“2010 Tax Relief Act: Important Elections for 2010 Decedents' Estates”
Under the federal tax laws in effect since 2001, the federal estate tax was repealed for estates of decedents who died in 2010 (2010 Estates) and the stepped up basis
Under the federal tax laws in effect since 2001, the federal estate tax was repealed for estates of decedents who died in 2010 (“2010 Estates”) and the “stepped up basis” rules that previously resulted in avoidance of income (capital gains) tax liability on the pre-death appreciation of most assets were suspended. Suspension of the stepped-up basis rules meant that the assets of 2010 Estates would retain the decedent’s basis for income tax purposes (known as “carryover basis”) in calculating taxable gains when those assets are later sold. Special basis rules contained exceptions to the carryover basis which allow the executor of the decedent’s estate to step-up the basis of assets passing to beneficiaries other than the spouse by up to $1,300,000 and the basis of assets passing to the surviving spouse by up to $3,000,000. The election for this “limited stepped-up basis” was to be made no later than the filing deadline for the decedent’s final income tax return.
In the final weeks of 2010, the estate tax laws were modified by the Tax Relief, Unemployment Insurance Reauthorization, and Job Creation Act of 2010 (“2010 Tax Relief Act”), which was signed into law on December 17, 2010. Some changes in the 2010 Tax Relief Act were made retroactively to specifically effect decedents who died in 2010. The new law provides 2010 Estates with an option: 1) the executor may (do nothing and) choose to accept the new federal estate tax rules for 2010 Estates; or 2) elect to accept the rules in effect prior to the 2010 Tax Relief Act. This election must be made no later than September 19, 2011. These new rules provide a $5 million estate tax exemption, a 35% estate tax rate and a full stepped-up basis for most assets included in the gross estate.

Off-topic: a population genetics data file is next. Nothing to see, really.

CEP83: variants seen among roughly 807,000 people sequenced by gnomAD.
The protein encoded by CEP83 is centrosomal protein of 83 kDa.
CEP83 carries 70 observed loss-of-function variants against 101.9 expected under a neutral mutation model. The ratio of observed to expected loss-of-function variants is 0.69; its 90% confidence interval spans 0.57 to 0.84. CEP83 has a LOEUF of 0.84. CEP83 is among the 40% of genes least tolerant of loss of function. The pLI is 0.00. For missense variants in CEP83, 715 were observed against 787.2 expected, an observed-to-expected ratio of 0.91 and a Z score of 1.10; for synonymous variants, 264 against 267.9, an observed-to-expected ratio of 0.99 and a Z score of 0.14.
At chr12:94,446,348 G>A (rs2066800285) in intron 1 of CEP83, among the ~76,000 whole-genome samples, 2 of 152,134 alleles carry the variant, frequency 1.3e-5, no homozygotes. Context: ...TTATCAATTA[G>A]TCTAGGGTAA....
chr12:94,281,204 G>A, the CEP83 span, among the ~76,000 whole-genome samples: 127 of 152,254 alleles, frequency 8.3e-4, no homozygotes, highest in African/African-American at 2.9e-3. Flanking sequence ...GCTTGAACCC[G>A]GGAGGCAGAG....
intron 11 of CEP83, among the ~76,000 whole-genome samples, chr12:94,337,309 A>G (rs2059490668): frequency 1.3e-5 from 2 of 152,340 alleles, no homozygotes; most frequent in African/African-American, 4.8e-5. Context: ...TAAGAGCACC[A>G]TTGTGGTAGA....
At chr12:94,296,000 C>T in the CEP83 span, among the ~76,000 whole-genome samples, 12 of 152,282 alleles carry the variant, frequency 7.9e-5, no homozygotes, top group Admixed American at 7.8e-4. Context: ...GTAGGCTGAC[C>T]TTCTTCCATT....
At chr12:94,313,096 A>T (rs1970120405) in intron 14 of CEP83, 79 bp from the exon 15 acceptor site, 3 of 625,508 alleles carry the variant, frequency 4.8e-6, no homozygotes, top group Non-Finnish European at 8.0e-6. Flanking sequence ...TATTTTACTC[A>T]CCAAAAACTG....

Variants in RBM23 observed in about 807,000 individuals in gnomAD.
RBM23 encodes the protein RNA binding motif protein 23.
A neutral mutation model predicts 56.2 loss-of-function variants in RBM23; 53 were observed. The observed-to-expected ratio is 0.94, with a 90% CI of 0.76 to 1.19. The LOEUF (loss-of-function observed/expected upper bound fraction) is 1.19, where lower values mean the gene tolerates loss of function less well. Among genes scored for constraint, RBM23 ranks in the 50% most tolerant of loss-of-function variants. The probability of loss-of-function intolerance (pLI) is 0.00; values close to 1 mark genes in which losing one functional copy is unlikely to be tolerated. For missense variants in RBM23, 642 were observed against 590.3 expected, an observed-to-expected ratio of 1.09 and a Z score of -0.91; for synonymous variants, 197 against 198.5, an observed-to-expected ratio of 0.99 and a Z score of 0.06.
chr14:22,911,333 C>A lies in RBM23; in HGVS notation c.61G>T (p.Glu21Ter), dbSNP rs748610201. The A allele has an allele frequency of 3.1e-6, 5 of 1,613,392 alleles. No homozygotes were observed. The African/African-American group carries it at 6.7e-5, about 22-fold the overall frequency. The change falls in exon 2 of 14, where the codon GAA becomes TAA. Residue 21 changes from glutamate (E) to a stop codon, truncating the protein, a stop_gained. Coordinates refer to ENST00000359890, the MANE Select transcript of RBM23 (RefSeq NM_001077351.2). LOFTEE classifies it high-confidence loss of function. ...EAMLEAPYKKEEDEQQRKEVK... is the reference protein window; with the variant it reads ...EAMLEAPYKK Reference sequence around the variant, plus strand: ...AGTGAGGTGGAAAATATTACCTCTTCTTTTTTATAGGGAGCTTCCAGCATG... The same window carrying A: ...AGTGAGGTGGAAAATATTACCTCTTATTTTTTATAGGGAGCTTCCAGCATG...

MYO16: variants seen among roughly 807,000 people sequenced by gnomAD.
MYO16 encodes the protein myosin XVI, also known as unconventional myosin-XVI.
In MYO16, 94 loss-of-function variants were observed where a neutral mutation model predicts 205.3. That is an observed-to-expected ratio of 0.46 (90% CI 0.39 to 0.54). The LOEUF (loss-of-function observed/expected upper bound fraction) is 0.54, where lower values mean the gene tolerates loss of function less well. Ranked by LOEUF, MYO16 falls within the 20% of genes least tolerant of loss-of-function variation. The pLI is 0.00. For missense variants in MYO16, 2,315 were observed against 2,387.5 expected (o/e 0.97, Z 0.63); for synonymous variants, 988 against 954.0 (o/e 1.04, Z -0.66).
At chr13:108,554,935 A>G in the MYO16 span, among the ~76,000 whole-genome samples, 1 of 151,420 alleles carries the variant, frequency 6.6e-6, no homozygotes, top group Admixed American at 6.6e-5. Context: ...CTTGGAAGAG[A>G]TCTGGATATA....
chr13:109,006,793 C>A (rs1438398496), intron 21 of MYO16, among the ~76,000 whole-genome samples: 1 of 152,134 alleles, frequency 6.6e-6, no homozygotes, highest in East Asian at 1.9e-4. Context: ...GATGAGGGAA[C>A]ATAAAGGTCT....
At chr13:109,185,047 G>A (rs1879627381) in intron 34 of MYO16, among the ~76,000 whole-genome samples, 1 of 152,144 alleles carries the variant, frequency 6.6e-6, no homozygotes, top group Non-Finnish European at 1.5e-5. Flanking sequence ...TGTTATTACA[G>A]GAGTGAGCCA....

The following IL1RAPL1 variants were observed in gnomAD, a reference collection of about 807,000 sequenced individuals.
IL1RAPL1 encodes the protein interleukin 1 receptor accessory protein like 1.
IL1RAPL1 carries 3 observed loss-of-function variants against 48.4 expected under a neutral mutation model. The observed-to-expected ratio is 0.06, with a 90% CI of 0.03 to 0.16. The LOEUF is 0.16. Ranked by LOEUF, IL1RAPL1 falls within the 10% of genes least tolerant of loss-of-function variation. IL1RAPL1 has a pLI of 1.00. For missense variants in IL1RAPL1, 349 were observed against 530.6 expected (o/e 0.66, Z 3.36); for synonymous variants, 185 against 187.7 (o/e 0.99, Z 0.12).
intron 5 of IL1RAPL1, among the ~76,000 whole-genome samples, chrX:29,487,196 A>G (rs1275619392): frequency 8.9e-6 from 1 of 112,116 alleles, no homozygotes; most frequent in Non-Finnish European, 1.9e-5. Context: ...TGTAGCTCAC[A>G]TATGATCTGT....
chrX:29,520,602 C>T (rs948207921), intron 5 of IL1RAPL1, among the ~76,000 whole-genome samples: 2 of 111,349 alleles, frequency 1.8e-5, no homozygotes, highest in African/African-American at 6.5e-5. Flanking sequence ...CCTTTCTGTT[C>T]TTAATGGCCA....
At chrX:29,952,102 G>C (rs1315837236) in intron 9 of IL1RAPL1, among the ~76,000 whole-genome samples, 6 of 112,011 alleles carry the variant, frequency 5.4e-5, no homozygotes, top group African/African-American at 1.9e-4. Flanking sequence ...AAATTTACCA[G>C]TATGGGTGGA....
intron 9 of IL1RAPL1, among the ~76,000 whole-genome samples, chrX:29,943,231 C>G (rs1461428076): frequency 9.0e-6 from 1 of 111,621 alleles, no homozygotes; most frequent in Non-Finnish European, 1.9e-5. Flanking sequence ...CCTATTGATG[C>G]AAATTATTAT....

It is anticipated that most 2010 Estates with taxable values of less than $5 million will accept the federal estate tax in order to obtain a full stepped-up basis for its assets. On the other hand, the executor may choose to have the rules in effect before the 2010 Tax Act apply: no federal estate tax for 2010 Estates, in which case the estate will forego full stepped-up basis treatment for income tax purposes and accept limited stepped-up basis treatment. In that event, the executor may elect specific assets to receive a stepped-up basis subject to the limitations provided under the law in effect for 2010 Estates prior to the 2010 Tax Relief Act (as reflected above).
While it may be advisable for larger 2010 Estates to elect out of the estate tax applicability, each executor should carefully consider all aspects of the tax law before making an election. Beneficiaries of 2010 Estates should be aware of the potential impact that the executor’s election may have, and may wish to address with the executor the analysis that the executor has undertaken. The attorneys in the Probate, Trust & Personal Planning Group at Partridge Snow & Hahn LLP are available to assist executors and beneficiaries of 2010 Estates in analyzing these complex rules in order to make the most advantageous election.
David C. Morganelli